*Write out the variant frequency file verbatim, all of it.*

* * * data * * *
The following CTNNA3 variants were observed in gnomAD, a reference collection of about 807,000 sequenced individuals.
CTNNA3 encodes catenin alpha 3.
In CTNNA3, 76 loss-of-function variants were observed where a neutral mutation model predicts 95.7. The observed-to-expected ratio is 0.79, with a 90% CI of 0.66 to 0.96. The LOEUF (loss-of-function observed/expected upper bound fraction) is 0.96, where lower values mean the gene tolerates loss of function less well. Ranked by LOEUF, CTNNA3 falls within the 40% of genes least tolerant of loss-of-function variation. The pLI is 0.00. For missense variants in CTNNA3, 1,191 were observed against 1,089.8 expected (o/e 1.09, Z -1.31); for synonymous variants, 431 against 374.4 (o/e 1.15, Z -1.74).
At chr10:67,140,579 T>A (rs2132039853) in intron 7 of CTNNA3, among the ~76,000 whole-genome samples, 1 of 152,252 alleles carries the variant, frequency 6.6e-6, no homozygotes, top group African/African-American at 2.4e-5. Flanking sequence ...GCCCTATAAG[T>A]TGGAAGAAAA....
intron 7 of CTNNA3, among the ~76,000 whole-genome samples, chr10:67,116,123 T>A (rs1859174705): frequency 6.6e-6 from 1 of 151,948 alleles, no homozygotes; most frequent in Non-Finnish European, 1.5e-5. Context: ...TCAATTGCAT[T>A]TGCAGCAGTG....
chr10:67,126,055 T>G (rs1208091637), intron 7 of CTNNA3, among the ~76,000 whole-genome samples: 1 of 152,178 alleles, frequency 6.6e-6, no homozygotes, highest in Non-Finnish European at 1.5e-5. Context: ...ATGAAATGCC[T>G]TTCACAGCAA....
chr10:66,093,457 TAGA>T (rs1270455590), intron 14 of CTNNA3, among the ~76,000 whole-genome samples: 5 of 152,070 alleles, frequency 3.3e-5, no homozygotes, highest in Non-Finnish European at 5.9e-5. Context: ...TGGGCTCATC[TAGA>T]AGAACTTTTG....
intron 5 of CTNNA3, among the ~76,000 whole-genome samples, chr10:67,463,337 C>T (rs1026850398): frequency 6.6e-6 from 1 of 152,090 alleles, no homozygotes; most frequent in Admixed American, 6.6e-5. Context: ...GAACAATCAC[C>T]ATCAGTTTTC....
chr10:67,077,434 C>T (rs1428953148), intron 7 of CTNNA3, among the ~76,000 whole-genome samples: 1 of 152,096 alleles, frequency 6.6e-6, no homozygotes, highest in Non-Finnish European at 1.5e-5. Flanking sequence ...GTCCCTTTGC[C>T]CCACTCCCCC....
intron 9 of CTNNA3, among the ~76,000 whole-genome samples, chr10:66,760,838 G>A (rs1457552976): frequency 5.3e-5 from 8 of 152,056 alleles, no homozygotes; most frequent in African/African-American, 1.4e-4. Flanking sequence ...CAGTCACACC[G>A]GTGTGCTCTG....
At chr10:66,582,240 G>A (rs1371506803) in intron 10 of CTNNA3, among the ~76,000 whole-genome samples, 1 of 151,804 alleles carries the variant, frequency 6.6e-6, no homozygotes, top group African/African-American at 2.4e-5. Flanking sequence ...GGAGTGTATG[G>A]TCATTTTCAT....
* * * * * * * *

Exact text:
The following CTNNA3 variants were observed in gnomAD, a reference collection of about 807,000 sequenced individuals.
CTNNA3 encodes catenin alpha 3.
In CTNNA3, 76 loss-of-function variants were observed where a neutral mutation model predicts 95.7. The observed-to-expected ratio is 0.79, with a 90% CI of 0.66 to 0.96. The LOEUF (loss-of-function observed/expected upper bound fraction) is 0.96, where lower values mean the gene tolerates loss of function less well. Ranked by LOEUF, CTNNA3 falls within the 40% of genes least tolerant of loss-of-function variation. The pLI is 0.00. For missense variants in CTNNA3, 1,191 were observed against 1,089.8 expected (o/e 1.09, Z -1.31); for synonymous variants, 431 against 374.4 (o/e 1.15, Z -1.74).
At chr10:67,140,579 T>A (rs2132039853) in intron 7 of CTNNA3, among the ~76,000 whole-genome samples, 1 of 152,252 alleles carries the variant, frequency 6.6e-6, no homozygotes, top group African/African-American at 2.4e-5. Flanking sequence ...GCCCTATAAG[T>A]TGGAAGAAAA....
intron 7 of CTNNA3, among the ~76,000 whole-genome samples, chr10:67,116,123 T>A (rs1859174705): frequency 6.6e-6 from 1 of 151,948 alleles, no homozygotes; most frequent in Non-Finnish European, 1.5e-5. Context: ...TCAATTGCAT[T>A]TGCAGCAGTG....
chr10:67,126,055 T>G (rs1208091637), intron 7 of CTNNA3, among the ~76,000 whole-genome samples: 1 of 152,178 alleles, frequency 6.6e-6, no homozygotes, highest in Non-Finnish European at 1.5e-5. Context: ...ATGAAATGCC[T>G]TTCACAGCAA....
chr10:66,093,457 TAGA>T (rs1270455590), intron 14 of CTNNA3, among the ~76,000 whole-genome samples: 5 of 152,070 alleles, frequency 3.3e-5, no homozygotes, highest in Non-Finnish European at 5.9e-5. Context: ...TGGGCTCATC[TAGA>T]AGAACTTTTG....
intron 5 of CTNNA3, among the ~76,000 whole-genome samples, chr10:67,463,337 C>T (rs1026850398): frequency 6.6e-6 from 1 of 152,090 alleles, no homozygotes; most frequent in Admixed American, 6.6e-5. Context: ...GAACAATCAC[C>T]ATCAGTTTTC....
chr10:67,077,434 C>T (rs1428953148), intron 7 of CTNNA3, among the ~76,000 whole-genome samples: 1 of 152,096 alleles, frequency 6.6e-6, no homozygotes, highest in Non-Finnish European at 1.5e-5. Flanking sequence ...GTCCCTTTGC[C>T]CCACTCCCCC....
intron 9 of CTNNA3, among the ~76,000 whole-genome samples, chr10:66,760,838 G>A (rs1457552976): frequency 5.3e-5 from 8 of 152,056 alleles, no homozygotes; most frequent in African/African-American, 1.4e-4. Flanking sequence ...CAGTCACACC[G>A]GTGTGCTCTG....
At chr10:66,582,240 G>A (rs1371506803) in intron 10 of CTNNA3, among the ~76,000 whole-genome samples, 1 of 151,804 alleles carries the variant, frequency 6.6e-6, no homozygotes, top group African/African-American at 2.4e-5. Flanking sequence ...GGAGTGTATG[G>A]TCATTTTCAT....